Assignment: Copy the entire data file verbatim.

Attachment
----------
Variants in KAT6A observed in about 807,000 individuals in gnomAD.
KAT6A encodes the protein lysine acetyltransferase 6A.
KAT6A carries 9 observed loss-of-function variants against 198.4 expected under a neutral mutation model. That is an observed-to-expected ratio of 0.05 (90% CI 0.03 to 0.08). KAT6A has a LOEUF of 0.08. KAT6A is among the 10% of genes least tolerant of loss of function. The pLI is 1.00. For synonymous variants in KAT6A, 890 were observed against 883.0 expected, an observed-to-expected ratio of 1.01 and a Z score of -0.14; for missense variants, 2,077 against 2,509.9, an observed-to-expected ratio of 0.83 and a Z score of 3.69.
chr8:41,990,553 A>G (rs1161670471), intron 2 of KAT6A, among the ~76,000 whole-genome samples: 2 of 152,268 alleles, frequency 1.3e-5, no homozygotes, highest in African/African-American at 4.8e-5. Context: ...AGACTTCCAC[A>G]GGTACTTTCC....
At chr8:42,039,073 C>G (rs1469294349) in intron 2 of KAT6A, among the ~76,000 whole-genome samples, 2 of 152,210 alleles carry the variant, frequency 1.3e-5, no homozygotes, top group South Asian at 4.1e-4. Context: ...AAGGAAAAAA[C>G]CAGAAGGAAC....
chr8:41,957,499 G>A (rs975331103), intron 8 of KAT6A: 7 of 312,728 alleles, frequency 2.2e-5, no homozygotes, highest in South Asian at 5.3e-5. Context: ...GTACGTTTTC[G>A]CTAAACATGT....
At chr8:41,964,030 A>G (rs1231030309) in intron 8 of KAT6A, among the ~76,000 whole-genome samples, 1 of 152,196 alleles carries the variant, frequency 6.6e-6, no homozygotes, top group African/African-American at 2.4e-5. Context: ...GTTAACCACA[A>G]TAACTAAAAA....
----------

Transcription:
Variants in KAT6A observed in about 807,000 individuals in gnomAD.
KAT6A encodes the protein lysine acetyltransferase 6A.
KAT6A carries 9 observed loss-of-function variants against 198.4 expected under a neutral mutation model. That is an observed-to-expected ratio of 0.05 (90% CI 0.03 to 0.08). KAT6A has a LOEUF of 0.08. KAT6A is among the 10% of genes least tolerant of loss of function. The pLI is 1.00. For synonymous variants in KAT6A, 890 were observed against 883.0 expected, an observed-to-expected ratio of 1.01 and a Z score of -0.14; for missense variants, 2,077 against 2,509.9, an observed-to-expected ratio of 0.83 and a Z score of 3.69.
chr8:41,990,553 A>G (rs1161670471), intron 2 of KAT6A, among the ~76,000 whole-genome samples: 2 of 152,268 alleles, frequency 1.3e-5, no homozygotes, highest in African/African-American at 4.8e-5. Context: ...AGACTTCCAC[A>G]GGTACTTTCC....
At chr8:42,039,073 C>G (rs1469294349) in intron 2 of KAT6A, among the ~76,000 whole-genome samples, 2 of 152,210 alleles carry the variant, frequency 1.3e-5, no homozygotes, top group South Asian at 4.1e-4. Context: ...AAGGAAAAAA[C>G]CAGAAGGAAC....
chr8:41,957,499 G>A (rs975331103), intron 8 of KAT6A: 7 of 312,728 alleles, frequency 2.2e-5, no homozygotes, highest in South Asian at 5.3e-5. Context: ...GTACGTTTTC[G>A]CTAAACATGT....
At chr8:41,964,030 A>G (rs1231030309) in intron 8 of KAT6A, among the ~76,000 whole-genome samples, 1 of 152,196 alleles carries the variant, frequency 6.6e-6, no homozygotes, top group African/African-American at 2.4e-5. Context: ...GTTAACCACA[A>G]TAACTAAAAA....